Cerebral glucose metabolism in a 5XFAD butyrylcholinesterase-knockout mouse model of Alzheimer’s disease


      Alzheimer’s disease (AD) is a neurodegenerative disorder that causes dementia. Characteristic hallmarks of AD include the deposition of pathological β-amyloid plaques (Aβ) and neurofibrillary tangles (NFT) in the brain. The AD brain also exhibits cholinergic dysfunction; loss of cholinergic neurons contributes to the cognitive and behavioural symptoms of AD. Furthermore, cholinesterases such as butyrylcholinesterase (BuChE) associate with Aβ and NFT pathology. Recent work in our lab involving a novel BuChE knock-out mouse model of AD (5XFAD/BuChE-KO) has revealed that the absence of BuChE expression leads to diminished fibrillar forms of Aβ pathology in the brain. However, the exact role of BuChE on brain function in AD has not been determined. To further elucidate the effects of BuChE on metabolic regulation (thus brain function) in AD, we assessed cerebral glucose metabolism in this 5XFAD/BuChE-KO model using 18FDG-PET.


      Male 5XFAD/BuChE-KO mice (n=5) and age-matched BuChE-KO wild type controls (n=2) at 5 months underwent PET scanning 30 min after 18FDG administration and subsequently imaged using CT and MRI. Whole brain ROIs were generated from co-registered PET/CT/MRI data. 18FDG standardized uptake values (SUVs) were then compared between 5XFAD/BuChE-KO and BuChE-KO groups.


      At 5 months, significant Aβ deposition was present in the 5XFAD/BuChE-KO mouse brain. 5XFAD/BuChE-KO animals demonstrated a 23% decrease in whole brain SUVs compared to BuChE-KO controls (p=0.037). This significant decrease had not been observed in our previous investigations of cerebral metabolism in a BuChE expressing 5XFAD model (vs. control counterparts) at 5 months.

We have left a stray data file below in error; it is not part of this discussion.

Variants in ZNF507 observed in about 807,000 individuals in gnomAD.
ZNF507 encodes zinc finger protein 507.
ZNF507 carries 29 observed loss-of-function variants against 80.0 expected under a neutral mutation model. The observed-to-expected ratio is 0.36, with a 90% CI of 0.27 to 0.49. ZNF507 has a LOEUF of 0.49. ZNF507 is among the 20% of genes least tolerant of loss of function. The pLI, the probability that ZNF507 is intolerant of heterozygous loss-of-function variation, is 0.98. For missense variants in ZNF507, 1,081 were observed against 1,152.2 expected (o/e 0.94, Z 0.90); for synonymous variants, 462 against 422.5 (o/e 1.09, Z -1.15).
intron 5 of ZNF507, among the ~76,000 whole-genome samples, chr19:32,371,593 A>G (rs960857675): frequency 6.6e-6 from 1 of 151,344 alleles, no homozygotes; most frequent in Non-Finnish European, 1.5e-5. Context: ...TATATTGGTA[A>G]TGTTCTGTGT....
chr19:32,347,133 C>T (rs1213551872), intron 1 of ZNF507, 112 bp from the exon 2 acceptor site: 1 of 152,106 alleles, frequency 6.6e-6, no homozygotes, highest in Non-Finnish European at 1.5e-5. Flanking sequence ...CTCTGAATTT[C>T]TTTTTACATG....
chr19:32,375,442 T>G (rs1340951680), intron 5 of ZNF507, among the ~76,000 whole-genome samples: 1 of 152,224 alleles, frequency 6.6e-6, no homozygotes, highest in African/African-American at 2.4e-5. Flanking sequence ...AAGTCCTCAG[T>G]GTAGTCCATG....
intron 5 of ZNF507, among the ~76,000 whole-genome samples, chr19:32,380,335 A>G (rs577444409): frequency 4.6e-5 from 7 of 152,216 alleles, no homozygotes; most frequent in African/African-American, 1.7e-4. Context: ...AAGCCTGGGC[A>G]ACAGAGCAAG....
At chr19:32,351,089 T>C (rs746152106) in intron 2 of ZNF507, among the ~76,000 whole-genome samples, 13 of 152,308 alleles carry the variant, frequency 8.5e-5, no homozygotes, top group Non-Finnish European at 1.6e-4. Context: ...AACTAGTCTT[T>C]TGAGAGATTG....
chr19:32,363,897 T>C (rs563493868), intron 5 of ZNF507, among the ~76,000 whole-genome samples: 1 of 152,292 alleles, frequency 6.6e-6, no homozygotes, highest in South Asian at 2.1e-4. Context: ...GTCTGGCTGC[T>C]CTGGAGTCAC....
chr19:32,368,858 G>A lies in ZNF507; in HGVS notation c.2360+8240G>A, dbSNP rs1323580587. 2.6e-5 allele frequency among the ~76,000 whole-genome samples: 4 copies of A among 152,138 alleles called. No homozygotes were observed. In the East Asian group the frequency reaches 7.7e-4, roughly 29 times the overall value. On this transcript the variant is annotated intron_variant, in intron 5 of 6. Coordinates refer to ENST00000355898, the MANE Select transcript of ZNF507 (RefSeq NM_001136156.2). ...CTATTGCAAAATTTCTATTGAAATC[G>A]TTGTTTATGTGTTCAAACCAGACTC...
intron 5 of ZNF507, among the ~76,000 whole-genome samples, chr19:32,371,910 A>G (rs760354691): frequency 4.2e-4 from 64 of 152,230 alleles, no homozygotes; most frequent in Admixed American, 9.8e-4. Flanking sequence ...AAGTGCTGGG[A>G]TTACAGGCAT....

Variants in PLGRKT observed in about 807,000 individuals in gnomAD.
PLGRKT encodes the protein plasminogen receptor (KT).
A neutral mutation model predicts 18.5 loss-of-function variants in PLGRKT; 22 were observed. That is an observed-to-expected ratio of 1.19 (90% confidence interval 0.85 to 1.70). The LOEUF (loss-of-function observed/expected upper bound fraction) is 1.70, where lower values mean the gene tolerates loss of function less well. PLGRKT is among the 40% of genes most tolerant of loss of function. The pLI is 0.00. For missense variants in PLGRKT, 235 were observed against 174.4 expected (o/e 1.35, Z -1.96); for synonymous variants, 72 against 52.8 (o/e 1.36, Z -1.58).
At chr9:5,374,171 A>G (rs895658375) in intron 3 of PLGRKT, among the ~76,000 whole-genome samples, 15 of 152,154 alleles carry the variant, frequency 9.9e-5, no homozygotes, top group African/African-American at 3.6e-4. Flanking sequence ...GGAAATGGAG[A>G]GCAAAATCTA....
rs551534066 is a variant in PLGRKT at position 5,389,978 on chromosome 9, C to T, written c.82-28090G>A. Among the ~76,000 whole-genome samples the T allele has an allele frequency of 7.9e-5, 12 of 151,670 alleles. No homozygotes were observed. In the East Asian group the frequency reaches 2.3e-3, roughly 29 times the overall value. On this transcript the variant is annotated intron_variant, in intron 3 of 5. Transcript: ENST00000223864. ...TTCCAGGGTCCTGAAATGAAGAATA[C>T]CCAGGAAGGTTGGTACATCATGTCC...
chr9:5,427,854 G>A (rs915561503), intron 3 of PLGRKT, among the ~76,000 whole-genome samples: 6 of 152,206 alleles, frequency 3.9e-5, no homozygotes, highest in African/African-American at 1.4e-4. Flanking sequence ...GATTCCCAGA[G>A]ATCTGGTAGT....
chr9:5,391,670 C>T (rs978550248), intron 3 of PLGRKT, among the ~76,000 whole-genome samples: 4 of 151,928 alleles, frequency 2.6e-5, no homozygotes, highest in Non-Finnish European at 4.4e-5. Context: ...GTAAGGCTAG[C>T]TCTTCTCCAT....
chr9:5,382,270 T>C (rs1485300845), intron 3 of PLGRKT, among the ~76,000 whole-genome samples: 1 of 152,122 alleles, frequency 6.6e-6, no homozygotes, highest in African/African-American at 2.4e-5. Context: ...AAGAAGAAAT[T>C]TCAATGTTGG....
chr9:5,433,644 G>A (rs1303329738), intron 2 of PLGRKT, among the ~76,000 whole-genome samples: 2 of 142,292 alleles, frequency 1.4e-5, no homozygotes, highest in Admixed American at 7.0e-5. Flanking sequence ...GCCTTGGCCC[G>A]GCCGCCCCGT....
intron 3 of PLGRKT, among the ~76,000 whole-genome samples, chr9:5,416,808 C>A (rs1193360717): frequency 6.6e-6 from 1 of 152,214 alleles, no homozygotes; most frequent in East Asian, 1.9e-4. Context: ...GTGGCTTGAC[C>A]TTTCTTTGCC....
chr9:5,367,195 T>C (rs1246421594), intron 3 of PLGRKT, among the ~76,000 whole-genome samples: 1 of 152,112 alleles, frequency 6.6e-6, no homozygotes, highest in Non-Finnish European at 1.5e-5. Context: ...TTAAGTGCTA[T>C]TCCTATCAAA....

We have previously observed variation in cerebral glucose metabolism with Aβ pathology in 5XFAD mice. Our current investigations suggest that BuChE may also be a modulator of cerebral glucose metabolism in AD, whereby the presence/absence of BuChE could significantly impact not only pathology but also brain function over the course of AD. Comparison of these 5XFAD/BuChE-KO brain metabolism results with those in BuChE expressing 5XFAD counterparts is currently underway. Furthermore, regional assessment of brain metabolism and corroborating neuropathology in these animals may further implicate BuChE in the progression of AD and may highlight the potential role of targeted BuChE imaging approaches for AD diagnostics.